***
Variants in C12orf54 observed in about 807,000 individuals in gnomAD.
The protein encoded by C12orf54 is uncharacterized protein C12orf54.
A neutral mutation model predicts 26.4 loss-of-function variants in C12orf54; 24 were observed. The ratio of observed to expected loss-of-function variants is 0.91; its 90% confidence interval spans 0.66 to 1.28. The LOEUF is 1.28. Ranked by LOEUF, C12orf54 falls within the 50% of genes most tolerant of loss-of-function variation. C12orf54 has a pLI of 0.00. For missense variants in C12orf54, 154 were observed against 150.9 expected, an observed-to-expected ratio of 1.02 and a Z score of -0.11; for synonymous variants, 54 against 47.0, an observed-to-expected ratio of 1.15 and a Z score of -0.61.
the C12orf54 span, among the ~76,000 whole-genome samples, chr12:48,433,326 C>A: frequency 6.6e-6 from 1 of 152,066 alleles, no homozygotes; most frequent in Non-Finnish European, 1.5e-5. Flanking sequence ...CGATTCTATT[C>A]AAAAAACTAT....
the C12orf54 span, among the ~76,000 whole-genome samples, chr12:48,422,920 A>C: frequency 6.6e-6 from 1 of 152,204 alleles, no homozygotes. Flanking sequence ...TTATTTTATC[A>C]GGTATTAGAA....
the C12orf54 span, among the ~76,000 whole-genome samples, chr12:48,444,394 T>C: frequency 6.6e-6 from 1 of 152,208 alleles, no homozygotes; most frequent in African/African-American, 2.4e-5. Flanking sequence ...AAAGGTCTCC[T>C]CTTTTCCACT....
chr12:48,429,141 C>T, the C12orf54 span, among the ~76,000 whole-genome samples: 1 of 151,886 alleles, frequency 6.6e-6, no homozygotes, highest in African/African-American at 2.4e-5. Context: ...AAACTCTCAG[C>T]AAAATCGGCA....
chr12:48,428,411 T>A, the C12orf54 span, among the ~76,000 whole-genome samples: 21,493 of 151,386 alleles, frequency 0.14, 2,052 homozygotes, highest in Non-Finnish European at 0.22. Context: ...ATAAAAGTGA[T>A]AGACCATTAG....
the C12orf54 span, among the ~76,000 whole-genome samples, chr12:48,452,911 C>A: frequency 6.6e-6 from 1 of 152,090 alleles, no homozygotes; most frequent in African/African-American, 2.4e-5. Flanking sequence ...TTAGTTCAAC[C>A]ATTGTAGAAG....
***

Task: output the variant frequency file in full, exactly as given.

Variants in C12orf54 observed in about 807,000 individuals in gnomAD.
The protein encoded by C12orf54 is uncharacterized protein C12orf54.
A neutral mutation model predicts 26.4 loss-of-function variants in C12orf54; 24 were observed. The ratio of observed to expected loss-of-function variants is 0.91; its 90% confidence interval spans 0.66 to 1.28. The LOEUF is 1.28. Ranked by LOEUF, C12orf54 falls within the 50% of genes most tolerant of loss-of-function variation. C12orf54 has a pLI of 0.00. For missense variants in C12orf54, 154 were observed against 150.9 expected, an observed-to-expected ratio of 1.02 and a Z score of -0.11; for synonymous variants, 54 against 47.0, an observed-to-expected ratio of 1.15 and a Z score of -0.61.
the C12orf54 span, among the ~76,000 whole-genome samples, chr12:48,433,326 C>A: frequency 6.6e-6 from 1 of 152,066 alleles, no homozygotes; most frequent in Non-Finnish European, 1.5e-5. Flanking sequence ...CGATTCTATT[C>A]AAAAAACTAT....
the C12orf54 span, among the ~76,000 whole-genome samples, chr12:48,422,920 A>C: frequency 6.6e-6 from 1 of 152,204 alleles, no homozygotes. Flanking sequence ...TTATTTTATC[A>C]GGTATTAGAA....
the C12orf54 span, among the ~76,000 whole-genome samples, chr12:48,444,394 T>C: frequency 6.6e-6 from 1 of 152,208 alleles, no homozygotes; most frequent in African/African-American, 2.4e-5. Flanking sequence ...AAAGGTCTCC[T>C]CTTTTCCACT....
chr12:48,429,141 C>T, the C12orf54 span, among the ~76,000 whole-genome samples: 1 of 151,886 alleles, frequency 6.6e-6, no homozygotes, highest in African/African-American at 2.4e-5. Context: ...AAACTCTCAG[C>T]AAAATCGGCA....
chr12:48,428,411 T>A, the C12orf54 span, among the ~76,000 whole-genome samples: 21,493 of 151,386 alleles, frequency 0.14, 2,052 homozygotes, highest in Non-Finnish European at 0.22. Context: ...ATAAAAGTGA[T>A]AGACCATTAG....
the C12orf54 span, among the ~76,000 whole-genome samples, chr12:48,452,911 C>A: frequency 6.6e-6 from 1 of 152,090 alleles, no homozygotes; most frequent in African/African-American, 2.4e-5. Flanking sequence ...TTAGTTCAAC[C>A]ATTGTAGAAG....